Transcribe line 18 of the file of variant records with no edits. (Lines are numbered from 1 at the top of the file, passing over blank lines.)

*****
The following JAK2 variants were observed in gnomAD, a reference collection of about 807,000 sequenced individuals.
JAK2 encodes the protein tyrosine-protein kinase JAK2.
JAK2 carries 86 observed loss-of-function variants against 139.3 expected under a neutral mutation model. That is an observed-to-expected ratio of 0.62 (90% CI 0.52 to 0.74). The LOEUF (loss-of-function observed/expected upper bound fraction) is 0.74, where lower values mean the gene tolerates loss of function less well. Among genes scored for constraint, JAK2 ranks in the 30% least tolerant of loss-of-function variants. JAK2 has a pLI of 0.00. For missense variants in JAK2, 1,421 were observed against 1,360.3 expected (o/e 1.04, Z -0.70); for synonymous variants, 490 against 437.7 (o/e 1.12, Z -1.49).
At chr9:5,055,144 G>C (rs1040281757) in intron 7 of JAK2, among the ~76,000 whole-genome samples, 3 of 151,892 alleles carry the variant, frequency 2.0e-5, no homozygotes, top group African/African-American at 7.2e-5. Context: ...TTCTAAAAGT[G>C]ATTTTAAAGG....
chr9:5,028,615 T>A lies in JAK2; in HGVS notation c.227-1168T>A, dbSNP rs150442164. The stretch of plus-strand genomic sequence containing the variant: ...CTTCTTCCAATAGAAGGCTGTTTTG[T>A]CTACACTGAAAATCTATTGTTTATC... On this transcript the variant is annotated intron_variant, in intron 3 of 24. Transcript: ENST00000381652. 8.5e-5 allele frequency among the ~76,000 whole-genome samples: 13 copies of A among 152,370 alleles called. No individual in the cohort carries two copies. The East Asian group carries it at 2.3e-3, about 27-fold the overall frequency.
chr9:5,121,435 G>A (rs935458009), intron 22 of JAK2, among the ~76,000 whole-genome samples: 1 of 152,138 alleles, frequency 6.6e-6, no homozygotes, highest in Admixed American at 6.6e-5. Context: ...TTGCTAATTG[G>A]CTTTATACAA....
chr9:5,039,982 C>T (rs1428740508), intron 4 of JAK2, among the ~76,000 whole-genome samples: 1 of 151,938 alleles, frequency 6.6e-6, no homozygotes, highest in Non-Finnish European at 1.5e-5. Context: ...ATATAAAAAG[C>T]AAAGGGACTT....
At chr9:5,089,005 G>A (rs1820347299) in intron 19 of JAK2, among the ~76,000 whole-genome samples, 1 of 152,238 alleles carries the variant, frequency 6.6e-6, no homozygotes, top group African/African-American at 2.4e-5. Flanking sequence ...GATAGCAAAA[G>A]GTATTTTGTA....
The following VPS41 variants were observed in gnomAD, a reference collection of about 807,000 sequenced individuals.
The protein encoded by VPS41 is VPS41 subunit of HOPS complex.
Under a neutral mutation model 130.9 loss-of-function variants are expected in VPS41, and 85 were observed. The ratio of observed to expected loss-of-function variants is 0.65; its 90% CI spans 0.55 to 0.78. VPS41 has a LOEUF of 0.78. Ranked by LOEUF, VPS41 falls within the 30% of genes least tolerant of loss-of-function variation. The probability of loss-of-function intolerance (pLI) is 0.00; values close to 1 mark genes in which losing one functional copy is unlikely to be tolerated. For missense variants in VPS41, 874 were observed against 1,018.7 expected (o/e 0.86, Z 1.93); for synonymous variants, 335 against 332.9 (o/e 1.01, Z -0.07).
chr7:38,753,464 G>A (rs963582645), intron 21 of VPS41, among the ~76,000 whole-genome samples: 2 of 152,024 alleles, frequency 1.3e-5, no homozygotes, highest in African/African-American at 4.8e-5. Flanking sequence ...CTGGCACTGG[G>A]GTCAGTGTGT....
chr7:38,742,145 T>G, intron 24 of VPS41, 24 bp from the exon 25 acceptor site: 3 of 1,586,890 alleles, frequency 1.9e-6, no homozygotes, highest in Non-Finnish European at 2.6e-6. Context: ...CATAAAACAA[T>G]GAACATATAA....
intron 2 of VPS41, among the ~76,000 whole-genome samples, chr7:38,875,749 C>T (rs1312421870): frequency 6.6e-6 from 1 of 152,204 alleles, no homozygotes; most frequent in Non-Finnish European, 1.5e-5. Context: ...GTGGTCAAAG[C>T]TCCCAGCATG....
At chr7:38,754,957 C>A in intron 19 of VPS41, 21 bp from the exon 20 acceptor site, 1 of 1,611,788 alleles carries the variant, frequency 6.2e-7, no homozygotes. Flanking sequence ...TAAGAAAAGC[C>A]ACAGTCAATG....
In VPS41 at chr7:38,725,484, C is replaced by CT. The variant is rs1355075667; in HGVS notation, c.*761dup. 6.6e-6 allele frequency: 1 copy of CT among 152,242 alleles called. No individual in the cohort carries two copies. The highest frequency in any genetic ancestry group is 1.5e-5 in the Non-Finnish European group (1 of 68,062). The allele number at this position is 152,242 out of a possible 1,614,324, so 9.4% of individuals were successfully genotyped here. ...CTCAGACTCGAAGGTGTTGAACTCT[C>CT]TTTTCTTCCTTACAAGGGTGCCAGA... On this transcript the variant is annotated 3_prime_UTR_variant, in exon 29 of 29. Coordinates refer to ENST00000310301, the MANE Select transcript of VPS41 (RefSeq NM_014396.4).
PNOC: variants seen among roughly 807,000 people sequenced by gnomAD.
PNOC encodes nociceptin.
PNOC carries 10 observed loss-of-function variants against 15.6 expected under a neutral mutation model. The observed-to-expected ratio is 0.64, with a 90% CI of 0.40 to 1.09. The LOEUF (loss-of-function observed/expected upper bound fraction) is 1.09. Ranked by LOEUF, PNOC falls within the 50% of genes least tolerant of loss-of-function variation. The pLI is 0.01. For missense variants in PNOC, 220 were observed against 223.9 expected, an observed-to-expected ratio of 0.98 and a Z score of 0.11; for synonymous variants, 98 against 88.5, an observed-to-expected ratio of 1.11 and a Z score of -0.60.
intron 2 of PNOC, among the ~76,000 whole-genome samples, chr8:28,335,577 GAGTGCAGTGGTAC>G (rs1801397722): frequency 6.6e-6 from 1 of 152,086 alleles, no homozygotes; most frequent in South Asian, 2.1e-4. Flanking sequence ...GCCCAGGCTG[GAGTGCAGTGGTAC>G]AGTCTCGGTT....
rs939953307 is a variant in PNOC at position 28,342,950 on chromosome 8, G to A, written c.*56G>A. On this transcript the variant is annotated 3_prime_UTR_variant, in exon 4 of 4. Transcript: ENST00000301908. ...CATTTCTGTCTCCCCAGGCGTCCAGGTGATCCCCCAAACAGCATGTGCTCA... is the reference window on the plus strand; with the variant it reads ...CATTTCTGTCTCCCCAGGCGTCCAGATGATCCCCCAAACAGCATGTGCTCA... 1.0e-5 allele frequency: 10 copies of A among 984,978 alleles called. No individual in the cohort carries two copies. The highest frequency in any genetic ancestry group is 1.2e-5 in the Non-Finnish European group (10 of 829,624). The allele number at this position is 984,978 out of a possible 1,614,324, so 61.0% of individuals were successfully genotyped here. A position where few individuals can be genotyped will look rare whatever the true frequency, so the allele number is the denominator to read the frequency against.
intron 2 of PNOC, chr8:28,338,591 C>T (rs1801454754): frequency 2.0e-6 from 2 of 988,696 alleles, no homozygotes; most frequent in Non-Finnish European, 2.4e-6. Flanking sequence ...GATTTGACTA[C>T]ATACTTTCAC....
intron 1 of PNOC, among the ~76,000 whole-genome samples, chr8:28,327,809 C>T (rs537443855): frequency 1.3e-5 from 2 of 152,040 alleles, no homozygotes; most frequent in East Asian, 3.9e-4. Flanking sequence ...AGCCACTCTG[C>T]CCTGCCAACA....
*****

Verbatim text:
PNOC encodes nociceptin.